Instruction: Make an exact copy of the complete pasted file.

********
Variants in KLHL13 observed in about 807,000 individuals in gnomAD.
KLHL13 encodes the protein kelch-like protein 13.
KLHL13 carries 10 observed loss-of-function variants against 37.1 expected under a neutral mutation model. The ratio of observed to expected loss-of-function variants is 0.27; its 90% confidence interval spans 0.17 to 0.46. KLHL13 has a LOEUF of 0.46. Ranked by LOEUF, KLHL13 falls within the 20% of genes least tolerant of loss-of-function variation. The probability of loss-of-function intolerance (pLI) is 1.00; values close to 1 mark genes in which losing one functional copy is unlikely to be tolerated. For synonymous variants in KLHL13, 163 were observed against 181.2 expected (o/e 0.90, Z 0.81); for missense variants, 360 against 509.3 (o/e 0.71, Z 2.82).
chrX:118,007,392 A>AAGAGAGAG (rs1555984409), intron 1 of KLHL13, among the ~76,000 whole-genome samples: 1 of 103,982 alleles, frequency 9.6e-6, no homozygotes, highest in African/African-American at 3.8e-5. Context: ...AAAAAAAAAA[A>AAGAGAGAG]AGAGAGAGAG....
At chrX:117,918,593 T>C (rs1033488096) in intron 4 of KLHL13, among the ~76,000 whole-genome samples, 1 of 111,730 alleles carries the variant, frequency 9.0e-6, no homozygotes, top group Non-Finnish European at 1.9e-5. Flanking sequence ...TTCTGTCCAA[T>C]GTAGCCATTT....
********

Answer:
Variants in KLHL13 observed in about 807,000 individuals in gnomAD.
KLHL13 encodes the protein kelch-like protein 13.
KLHL13 carries 10 observed loss-of-function variants against 37.1 expected under a neutral mutation model. The ratio of observed to expected loss-of-function variants is 0.27; its 90% confidence interval spans 0.17 to 0.46. KLHL13 has a LOEUF of 0.46. Ranked by LOEUF, KLHL13 falls within the 20% of genes least tolerant of loss-of-function variation. The probability of loss-of-function intolerance (pLI) is 1.00; values close to 1 mark genes in which losing one functional copy is unlikely to be tolerated. For synonymous variants in KLHL13, 163 were observed against 181.2 expected (o/e 0.90, Z 0.81); for missense variants, 360 against 509.3 (o/e 0.71, Z 2.82).
chrX:118,007,392 A>AAGAGAGAG (rs1555984409), intron 1 of KLHL13, among the ~76,000 whole-genome samples: 1 of 103,982 alleles, frequency 9.6e-6, no homozygotes, highest in African/African-American at 3.8e-5. Context: ...AAAAAAAAAA[A>AAGAGAGAG]AGAGAGAGAG....
At chrX:117,918,593 T>C (rs1033488096) in intron 4 of KLHL13, among the ~76,000 whole-genome samples, 1 of 111,730 alleles carries the variant, frequency 9.0e-6, no homozygotes, top group Non-Finnish European at 1.9e-5. Flanking sequence ...TTCTGTCCAA[T>C]GTAGCCATTT....